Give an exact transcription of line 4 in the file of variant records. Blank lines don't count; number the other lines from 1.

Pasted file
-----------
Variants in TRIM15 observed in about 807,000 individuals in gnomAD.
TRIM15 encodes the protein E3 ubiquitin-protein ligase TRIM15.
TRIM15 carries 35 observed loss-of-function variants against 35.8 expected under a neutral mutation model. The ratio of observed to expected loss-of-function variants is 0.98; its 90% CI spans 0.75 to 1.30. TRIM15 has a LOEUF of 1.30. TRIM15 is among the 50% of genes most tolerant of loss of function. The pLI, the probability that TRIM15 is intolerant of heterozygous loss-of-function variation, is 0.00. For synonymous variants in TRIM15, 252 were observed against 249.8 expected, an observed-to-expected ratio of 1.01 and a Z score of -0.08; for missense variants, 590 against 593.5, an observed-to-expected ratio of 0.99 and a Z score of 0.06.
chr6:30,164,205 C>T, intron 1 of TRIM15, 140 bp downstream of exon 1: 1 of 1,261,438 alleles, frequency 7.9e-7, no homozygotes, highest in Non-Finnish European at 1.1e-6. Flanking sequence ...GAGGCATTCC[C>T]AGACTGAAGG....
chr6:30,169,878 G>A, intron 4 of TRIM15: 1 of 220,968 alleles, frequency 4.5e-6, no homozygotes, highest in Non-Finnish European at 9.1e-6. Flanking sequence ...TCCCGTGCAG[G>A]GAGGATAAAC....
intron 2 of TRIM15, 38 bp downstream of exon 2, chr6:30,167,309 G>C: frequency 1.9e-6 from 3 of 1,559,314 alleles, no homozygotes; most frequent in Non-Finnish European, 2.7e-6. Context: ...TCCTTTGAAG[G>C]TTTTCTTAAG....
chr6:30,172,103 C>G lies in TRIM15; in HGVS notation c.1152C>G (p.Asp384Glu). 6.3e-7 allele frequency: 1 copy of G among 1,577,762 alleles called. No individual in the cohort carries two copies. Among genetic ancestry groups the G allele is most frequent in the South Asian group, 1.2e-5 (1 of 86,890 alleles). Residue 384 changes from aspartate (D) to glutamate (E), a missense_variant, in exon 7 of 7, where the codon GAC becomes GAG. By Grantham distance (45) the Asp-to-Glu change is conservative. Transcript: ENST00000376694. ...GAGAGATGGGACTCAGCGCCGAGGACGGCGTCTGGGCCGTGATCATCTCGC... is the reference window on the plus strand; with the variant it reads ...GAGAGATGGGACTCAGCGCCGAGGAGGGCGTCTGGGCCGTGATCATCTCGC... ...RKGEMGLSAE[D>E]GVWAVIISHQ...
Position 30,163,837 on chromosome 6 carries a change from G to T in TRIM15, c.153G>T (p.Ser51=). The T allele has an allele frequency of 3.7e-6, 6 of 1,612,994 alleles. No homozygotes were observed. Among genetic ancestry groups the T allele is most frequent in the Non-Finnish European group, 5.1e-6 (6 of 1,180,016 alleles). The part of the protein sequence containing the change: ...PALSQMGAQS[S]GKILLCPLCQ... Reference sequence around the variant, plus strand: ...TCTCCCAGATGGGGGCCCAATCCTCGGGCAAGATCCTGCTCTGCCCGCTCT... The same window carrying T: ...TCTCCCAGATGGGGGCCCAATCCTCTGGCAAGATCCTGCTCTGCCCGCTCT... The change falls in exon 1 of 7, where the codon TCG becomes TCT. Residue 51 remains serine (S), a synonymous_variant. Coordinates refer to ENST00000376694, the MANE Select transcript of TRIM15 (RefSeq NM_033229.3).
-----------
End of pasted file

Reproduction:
chr6:30,164,205 C>T, intron 1 of TRIM15, 140 bp downstream of exon 1: 1 of 1,261,438 alleles, frequency 7.9e-7, no homozygotes, highest in Non-Finnish European at 1.1e-6. Flanking sequence ...GAGGCATTCC[C>T]AGACTGAAGG....